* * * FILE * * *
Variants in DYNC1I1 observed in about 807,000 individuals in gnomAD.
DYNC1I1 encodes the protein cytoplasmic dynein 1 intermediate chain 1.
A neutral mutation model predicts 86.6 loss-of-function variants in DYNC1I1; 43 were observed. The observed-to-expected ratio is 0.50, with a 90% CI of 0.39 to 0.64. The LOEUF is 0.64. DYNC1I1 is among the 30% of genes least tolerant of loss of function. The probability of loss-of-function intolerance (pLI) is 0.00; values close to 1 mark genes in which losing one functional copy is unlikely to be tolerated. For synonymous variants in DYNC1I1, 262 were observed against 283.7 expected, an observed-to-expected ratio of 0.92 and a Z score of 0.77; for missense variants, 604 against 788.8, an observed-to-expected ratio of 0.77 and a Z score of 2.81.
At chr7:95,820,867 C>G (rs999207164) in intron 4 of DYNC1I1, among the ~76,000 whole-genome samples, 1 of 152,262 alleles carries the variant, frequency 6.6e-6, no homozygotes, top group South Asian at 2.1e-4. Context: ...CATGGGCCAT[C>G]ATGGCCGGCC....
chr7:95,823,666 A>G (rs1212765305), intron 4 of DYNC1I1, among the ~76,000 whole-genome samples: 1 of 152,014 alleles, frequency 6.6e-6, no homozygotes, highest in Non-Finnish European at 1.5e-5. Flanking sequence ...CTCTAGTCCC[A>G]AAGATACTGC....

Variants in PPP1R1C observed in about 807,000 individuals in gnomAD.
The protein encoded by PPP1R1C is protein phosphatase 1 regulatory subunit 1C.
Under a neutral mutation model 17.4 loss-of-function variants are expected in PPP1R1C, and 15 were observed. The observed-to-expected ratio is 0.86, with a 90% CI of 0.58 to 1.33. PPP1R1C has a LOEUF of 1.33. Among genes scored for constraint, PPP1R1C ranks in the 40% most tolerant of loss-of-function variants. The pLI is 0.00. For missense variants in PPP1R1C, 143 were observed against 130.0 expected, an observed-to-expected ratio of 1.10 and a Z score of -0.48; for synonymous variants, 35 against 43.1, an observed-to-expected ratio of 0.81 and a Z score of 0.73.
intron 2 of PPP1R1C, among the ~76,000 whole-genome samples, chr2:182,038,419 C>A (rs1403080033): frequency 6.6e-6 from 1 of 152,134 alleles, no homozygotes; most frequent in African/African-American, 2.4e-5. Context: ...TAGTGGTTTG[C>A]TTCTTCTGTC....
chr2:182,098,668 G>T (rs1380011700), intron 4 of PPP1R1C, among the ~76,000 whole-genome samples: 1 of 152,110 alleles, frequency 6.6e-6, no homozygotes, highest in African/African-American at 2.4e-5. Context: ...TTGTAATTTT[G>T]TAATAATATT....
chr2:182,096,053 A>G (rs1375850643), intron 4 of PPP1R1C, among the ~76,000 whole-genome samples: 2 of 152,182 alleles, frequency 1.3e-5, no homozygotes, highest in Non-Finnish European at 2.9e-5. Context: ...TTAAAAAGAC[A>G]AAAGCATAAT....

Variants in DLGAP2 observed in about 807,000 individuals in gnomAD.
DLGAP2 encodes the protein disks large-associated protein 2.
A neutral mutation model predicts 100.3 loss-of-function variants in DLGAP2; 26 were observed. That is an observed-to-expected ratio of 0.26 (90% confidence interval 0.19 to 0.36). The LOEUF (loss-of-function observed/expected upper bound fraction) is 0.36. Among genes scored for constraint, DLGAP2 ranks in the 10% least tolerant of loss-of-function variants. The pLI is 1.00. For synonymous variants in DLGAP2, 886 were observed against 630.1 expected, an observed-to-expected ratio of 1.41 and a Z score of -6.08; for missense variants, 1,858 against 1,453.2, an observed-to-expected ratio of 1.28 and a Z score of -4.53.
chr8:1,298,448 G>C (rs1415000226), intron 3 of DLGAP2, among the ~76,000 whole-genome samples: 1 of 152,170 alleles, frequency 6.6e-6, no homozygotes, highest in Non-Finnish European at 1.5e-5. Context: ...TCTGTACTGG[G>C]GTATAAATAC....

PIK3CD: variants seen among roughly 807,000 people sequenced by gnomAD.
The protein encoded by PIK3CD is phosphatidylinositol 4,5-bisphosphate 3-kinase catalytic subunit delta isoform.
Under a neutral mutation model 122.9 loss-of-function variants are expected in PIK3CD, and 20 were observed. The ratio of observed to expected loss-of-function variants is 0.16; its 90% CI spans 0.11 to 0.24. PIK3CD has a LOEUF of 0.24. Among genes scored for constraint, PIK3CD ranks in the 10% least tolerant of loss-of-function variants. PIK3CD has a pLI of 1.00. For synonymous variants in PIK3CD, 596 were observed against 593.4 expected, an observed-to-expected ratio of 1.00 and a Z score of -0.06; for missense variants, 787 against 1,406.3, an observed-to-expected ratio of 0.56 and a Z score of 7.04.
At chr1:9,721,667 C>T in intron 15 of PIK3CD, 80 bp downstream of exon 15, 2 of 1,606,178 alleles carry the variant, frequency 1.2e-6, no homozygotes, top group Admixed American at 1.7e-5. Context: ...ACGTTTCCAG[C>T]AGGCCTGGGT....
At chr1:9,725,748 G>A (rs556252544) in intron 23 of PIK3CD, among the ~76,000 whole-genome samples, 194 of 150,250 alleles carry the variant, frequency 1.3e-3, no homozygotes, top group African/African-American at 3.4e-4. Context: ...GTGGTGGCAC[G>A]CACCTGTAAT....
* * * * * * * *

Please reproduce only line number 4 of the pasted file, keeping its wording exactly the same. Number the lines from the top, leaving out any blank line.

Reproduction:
At chr7:95,820,867 C>G (rs999207164) in intron 4 of DYNC1I1, among the ~76,000 whole-genome samples, 1 of 152,262 alleles carries the variant, frequency 6.6e-6, no homozygotes, top group South Asian at 2.1e-4. Context: ...CATGGGCCAT[C>G]ATGGCCGGCC....